6 Months Ago: Solving North Korea with tough-talking escalation. Gregory Copley, Defense & Foreign Affairs.

Apr 21, 12:00 AM


(Photo:"Marines of the 1st Marine Division pay their respects to fallen buddies during memorial services at the division's cemetery at Hamhung, Korea, following the break-out from Chosin Reservoir."

From the Photograph Collection (COLL/3948), Marine Corps Archives & Special Collections



Source 1st Marine Division Cemetery, Hamhung, Korea, 13 December 1950

Author USMC Archives from Quantico, USA )



Twitter: @BatchelorShow

6 Months Ago: Solving North Korea with tough-talking escalation. Gregory Copley, Defense & Foreign Affairs.

President Trump on Tuesday sternly warned North Korea against making threats to the U.S., responding to reports that Pyongyang has expanded its nuclear capabilities. “North Korea best not make any more threats to the United States,” Trump told reporters at his New Jersey golf club. “He has been very threatening beyond a normal state, and as I said they will be met with fire, fury and frankly power, the likes of which this world has never seen before.” His provocative comments came after The Washington Post, citing a U.S. intelligence assessment, reported that North Korea crossed a major threshold in its quest to become a nuclear power by successfully producing a miniaturized nuclear warhead that can fit onto a missile. If true, the development would cross the Trump administration’s red line on North Korea’s nuclear program. http://thehill.com/homenews/administration/345777-trump-warns-north-korea-it-will-be-met-with-fire-and-fury-if-it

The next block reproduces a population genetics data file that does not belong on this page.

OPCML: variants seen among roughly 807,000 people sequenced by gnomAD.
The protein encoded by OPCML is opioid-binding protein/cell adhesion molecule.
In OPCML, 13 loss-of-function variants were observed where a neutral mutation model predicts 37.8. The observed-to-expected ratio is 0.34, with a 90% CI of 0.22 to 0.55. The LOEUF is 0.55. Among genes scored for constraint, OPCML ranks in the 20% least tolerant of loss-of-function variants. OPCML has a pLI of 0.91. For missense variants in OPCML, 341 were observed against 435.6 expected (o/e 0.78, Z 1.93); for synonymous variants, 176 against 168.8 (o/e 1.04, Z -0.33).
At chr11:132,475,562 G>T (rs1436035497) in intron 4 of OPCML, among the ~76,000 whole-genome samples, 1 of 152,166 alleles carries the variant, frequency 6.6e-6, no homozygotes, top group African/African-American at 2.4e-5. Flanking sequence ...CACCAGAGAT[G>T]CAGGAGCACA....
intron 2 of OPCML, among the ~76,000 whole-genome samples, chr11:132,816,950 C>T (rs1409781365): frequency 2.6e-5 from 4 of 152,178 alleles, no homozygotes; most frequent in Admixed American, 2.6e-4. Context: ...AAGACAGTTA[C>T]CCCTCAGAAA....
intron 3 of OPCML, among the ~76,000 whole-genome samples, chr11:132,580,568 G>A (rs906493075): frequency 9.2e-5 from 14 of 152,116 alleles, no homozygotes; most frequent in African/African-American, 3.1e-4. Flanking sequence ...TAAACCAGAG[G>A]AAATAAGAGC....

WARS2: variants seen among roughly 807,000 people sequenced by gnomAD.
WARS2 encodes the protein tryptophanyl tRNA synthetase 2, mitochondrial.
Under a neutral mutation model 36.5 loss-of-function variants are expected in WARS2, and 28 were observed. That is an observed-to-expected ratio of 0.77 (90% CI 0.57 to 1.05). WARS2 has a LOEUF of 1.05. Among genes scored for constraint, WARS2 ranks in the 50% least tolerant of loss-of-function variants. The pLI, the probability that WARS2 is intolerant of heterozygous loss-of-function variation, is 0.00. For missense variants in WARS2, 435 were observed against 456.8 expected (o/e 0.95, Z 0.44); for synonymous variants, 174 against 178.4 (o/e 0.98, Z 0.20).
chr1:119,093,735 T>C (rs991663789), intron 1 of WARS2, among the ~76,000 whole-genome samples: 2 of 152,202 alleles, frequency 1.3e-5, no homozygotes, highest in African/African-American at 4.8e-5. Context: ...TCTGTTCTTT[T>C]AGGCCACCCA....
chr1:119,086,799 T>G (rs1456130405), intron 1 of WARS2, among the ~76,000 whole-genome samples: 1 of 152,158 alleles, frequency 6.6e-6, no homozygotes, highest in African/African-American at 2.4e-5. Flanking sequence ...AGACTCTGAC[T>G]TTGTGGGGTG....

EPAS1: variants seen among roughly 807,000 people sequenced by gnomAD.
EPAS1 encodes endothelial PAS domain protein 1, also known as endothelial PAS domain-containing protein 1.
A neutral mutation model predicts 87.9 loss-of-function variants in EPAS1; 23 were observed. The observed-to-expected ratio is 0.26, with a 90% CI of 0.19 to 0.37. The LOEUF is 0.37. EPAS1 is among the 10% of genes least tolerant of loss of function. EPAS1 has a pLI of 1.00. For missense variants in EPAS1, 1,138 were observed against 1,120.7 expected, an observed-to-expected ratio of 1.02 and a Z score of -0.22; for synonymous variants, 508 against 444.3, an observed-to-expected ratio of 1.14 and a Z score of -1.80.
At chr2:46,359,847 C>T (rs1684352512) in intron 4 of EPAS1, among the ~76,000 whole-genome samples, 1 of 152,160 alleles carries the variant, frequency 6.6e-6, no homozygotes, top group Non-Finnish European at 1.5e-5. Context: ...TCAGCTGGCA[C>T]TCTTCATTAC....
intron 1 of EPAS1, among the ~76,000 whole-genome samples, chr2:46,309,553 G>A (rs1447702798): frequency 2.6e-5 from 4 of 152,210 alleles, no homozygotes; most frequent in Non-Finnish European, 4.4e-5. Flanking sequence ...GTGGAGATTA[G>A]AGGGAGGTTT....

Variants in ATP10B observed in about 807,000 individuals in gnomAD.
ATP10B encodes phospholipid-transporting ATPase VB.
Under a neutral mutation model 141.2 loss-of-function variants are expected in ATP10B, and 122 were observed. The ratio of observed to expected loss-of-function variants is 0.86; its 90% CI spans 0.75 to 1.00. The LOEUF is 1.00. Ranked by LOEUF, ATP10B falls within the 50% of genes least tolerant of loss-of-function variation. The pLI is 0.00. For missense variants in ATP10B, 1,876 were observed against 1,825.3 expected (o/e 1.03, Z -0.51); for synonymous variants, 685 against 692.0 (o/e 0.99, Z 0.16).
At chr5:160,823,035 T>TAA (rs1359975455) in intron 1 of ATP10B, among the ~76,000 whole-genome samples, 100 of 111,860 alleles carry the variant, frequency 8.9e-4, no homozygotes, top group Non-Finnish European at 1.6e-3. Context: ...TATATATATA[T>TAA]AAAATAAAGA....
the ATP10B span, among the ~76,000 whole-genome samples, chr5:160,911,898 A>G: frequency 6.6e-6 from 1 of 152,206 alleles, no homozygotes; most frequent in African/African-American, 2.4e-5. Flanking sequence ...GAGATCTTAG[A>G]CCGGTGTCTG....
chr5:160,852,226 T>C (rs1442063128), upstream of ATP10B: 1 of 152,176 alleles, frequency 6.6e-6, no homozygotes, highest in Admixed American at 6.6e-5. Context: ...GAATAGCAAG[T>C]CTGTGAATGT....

The Korean Peninsula “Crisis” Inches Toward the End Game Analysis. By GIS/Defense & Foreign Affairs Staff. The People’s Republic of China, the DPRK (North Korea), and the United States each progressed their strategic negotiating positions to resolve “the North Korea crisis” with events over the weekend of August 5-6, 2017. Each state — along with Russia, Japan, the Republic of Korea (ROK: South Korea), and the Republic of China (ROC: Taiwan) — has a vital interest in how the “crisis” resolves itself.

It could reach a pivotal point — either with a return to meaningful Six Party Talks1 or through bilateral (US-DPRK) talks — before the end of 2017, with a view to “normalizing” relations soon thereafter between the DPRK and the bulk of the international community. But there remained, as of early August 2017, the reality that the DPRK needed to complete one critical step in its negotiating platform.

It needed international (specifically US) public recognition of the viability of its nuclear weapons capabilities, including the delivery mechanisms (particularly IRBM, MRBM, and ICBM formats) so that its deterrent forces would become an accepted part of the equation going forward.

Until now, the US-led posture has been to: • (a) Deny the DPRK the ability to develop a nuclear weapons capability, and • (b) Deny the DPRK the ability to deliver such weapons.

At this point, the DPRK has been able to demonstrate unambiguously that it has developed credible nuclear weapons, as opposed to merely demonstrating the ability to achieve a nuclear explosion. However, the US (as the key target for this message) has only obliquely recognized this capability. The DPRK has also been able to demonstrate its ability to field a range of ballistic delivery vehicles, up to inter-continental ballistic missile (ICBM) capability, but the US has — in its open declarations — rejected the idea that this might be viable.

Hence, the demonstrations by the DPRK of two unarmed prototypes of its Hwasong-14 ICBM on July 4, 2017 (single-stage), and July 28, 2017 (two-stage), seem likely to be followed by more such demonstrations until the Western media (as a critical determinant in the equation) accepts the DPRK’s capability as fact. The Hwasong-14 capability provides a very simple, single-warhead system, but it is a nuclear-capable ICBM.

But the US has yet to accept that the DPRK has a fie...